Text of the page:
Figure 10 highlights AnonBoot’s robustness regarding SMC-based anonymity services, i.e.,  (Ben-Or et al., 1988), which can tolerate up to adversary-controlled privacy peers. For desired networks consisting of , , , and peers (i.e., ) respectively, we measured the success of an adversary controlling a growing share of the peer repository to infiltrate anonymity services by chance due to our peer election. To extract entropy from the pulse’s spawn blocks, we rely on the Merkle tree root. More secure entropy extraction can be achieved by applying more sophisticated randomness extractors (Bonneau et al., 2015). For our evaluation, we assume a peer repository consisting of peers, randomly elect peers for anonymity services for each scenario, and count the number of -infiltrated services. We also highlight the robustness threshold for comparison and provide the expected shares of -infiltrated services based on combinatoric considerations.

Our evaluation reveals two major findings: First, our peer election is fair in that it almost perfectly yields the expected distribution of -infiltrated services when electing honest and dishonest peers uniformly at random. Second, the peer election remains robust as long as the adversary controls of the peer repository. For a growing power of the adversary, AnonBoot cannot guarantee robustness, although larger anonymity services yield better protection if the adversary controls a share of at most . For all , AnonBoot is not robust anymore as the adversary can infiltrate most SMC-based services. However, in those cases, his control of the peer repository exceeds the infiltration threshold for SMC-based services; thus, we consider the peer repository insecure.

AnonBoot relies on entropy from the host blockchain to seed its PRNG for peer election. Adversaries are thus tempted to influence the seed by interfering with the on-chain data to increase their chances of infiltrating anonymity services. Our rationale for AnonBoot’s robustness only holds if we can effectively prevent such interference. As we described in Section 4.3, we include user-submitted entropy into the seed derivation to ensure that seeds are not entirely determined by the miners of AnonBoot’s host blockchain. However, by incorporating the spawn block, we, in return, drastically limit the capabilities of an adversary. Namely, the adversary must (a) successfully mine the spawn block for pulse , while (b) crafting this block to yield, in conjunction with the user-supplied entropy, a biased pre-image of a favorable seed, which is (c) derived from a cryptographic hash function. Assuming that no adversary possesses the computing power to control the host blockchain, we deem this kind of attack economically infeasible as honest mining is more profitable for the adversary. In the future, we could also adapt AnonBoot to consider multiple consecutive spawn blocks to further thwart the influence of adversaries.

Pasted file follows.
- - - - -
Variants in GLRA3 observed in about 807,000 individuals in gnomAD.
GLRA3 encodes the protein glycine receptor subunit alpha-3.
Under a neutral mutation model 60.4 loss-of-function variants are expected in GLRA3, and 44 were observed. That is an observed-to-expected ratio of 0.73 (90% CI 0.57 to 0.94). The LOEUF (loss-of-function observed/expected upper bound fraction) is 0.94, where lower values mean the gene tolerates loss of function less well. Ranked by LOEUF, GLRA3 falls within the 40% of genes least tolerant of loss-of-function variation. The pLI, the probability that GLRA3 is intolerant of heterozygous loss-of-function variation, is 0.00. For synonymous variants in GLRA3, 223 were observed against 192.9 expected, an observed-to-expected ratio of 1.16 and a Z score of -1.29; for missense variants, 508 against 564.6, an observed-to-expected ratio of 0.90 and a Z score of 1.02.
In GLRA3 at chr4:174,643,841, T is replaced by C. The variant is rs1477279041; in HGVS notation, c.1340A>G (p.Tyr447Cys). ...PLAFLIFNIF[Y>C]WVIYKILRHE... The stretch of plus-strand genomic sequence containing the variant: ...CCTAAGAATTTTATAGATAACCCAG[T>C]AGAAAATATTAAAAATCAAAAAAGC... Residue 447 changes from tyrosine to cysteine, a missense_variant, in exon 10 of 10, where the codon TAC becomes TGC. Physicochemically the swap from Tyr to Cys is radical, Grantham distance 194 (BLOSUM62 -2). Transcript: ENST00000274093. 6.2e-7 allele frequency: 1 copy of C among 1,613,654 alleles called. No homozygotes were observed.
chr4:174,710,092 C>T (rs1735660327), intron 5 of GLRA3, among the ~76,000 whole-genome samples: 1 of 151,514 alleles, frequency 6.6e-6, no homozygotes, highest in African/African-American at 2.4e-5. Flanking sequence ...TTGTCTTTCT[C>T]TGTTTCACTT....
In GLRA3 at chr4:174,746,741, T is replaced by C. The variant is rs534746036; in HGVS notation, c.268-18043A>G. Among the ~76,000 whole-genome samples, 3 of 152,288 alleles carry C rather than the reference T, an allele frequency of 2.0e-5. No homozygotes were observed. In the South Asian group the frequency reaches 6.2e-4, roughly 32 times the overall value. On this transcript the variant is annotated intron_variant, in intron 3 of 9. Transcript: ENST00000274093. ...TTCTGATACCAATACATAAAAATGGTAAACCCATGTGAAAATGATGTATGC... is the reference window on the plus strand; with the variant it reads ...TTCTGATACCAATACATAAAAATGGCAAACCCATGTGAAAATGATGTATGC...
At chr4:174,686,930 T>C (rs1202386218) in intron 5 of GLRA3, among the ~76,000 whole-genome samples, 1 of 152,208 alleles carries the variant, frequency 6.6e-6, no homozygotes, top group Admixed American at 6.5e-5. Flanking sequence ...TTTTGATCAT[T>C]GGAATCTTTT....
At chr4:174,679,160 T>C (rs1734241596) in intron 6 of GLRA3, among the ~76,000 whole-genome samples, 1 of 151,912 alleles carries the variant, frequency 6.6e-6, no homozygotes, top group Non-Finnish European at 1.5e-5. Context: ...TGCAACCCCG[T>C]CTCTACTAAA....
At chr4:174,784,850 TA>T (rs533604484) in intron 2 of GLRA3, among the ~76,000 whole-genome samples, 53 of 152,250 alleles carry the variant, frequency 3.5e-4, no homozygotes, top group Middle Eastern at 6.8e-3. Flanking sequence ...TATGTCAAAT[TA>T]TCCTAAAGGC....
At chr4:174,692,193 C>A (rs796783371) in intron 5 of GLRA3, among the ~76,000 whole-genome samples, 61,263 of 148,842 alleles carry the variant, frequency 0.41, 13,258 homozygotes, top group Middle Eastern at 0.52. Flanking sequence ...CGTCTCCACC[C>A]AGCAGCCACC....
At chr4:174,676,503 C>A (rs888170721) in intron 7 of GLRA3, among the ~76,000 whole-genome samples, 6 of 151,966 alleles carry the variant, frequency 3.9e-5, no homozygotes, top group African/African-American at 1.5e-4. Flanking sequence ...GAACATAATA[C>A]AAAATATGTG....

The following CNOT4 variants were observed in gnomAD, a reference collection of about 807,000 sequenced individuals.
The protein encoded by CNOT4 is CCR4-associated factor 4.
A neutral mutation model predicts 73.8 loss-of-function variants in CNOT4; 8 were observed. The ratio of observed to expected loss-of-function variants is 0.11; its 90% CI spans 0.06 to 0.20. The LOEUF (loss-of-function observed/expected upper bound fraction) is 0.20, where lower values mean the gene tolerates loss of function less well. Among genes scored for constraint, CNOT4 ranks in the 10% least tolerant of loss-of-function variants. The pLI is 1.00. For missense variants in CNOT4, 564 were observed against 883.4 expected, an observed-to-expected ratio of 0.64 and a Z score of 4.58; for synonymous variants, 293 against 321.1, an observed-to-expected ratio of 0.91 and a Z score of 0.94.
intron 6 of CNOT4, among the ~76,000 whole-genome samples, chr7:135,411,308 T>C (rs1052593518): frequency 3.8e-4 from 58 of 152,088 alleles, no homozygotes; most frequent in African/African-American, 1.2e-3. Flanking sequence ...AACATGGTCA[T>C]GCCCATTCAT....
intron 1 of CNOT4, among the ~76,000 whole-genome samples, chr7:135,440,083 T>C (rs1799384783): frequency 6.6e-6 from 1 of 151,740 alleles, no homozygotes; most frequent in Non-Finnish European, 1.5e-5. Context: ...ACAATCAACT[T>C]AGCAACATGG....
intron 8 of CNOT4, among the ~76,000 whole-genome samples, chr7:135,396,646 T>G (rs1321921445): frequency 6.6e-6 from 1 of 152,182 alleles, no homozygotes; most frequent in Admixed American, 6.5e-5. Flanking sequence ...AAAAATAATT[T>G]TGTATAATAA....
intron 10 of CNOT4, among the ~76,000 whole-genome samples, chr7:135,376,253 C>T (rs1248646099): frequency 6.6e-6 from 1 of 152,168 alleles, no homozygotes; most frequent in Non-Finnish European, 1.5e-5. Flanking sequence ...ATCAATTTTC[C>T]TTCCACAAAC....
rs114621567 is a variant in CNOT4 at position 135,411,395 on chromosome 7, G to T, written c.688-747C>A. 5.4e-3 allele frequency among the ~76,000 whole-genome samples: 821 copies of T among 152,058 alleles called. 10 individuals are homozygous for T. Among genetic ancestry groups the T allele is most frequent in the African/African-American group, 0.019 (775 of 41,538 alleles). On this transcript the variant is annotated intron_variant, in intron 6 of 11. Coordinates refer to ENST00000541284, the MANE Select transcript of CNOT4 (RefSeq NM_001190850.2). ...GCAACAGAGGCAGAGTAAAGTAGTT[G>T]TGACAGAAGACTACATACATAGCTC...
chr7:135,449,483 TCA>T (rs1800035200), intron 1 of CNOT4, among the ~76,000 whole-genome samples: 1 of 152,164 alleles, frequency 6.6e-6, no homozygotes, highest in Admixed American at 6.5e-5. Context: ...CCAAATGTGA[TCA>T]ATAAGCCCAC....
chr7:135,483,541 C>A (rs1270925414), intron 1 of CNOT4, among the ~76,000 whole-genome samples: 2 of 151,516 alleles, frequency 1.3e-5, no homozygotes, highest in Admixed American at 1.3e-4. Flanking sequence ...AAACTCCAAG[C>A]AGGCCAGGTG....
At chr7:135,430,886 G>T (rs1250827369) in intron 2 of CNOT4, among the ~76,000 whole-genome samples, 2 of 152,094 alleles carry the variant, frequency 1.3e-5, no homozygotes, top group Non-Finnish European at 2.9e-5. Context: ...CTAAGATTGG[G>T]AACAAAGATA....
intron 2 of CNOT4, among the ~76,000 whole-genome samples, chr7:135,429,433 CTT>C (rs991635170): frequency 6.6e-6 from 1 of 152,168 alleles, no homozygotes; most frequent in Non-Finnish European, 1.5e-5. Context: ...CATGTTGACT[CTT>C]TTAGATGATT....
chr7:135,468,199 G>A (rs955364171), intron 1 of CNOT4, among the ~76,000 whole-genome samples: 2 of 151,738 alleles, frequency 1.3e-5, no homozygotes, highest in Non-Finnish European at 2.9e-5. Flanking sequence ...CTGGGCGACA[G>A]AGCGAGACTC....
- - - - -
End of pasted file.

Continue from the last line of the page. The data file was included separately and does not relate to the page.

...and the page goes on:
Security of Handover Process

For most anonymity services, AnonBoot requires indirection through the connector when first establishing connections. During this handover process, each participant’s connector has to authenticate all privacy peers based on the public key previously announced in the respective peer advertisements. Hence, users only connect to privacy peers controlled by operators that created valid and distinct peer advertisement. The adversary thus cannot launch Sybil attacks through this indirection.

Denial of Service (DoS)

Due to our secure local peer selection, robust peer election, and secure handover primitives, the security of utilizing bootstrapped anonymity services only depends on the security guarantees offered by those services. While AnonBoot prevents adversaries from infiltrating anonymity services with high probability, distributed services are still prone to DoS attacks, effectively preventing proper anonymization. However, we argue that the anonymity services currently covered by AnonBoot can cope with such attacks: First, AnonBoot allows for the efficient creation of circuits for anonymity networks. Hence, the limited influence of single stalling relays does not significantly impede the users’ privacy. Second, CoinParty, our investigated cryptotumbler, detects and excludes stalling peers as long as adversaries did not infiltrate at least

of the peers of the CoinParty instance’s mixing network (Ziegeldorf et al., 2018). Finally, while traditional shuffling networks do not provide protection against DoS attacks, extending them with the measures taken by CoinParty achieves the same level of protection. Thus, our peer election does not directly thwart DoS attacks, but their impact on our considered anonymity services is highly limited.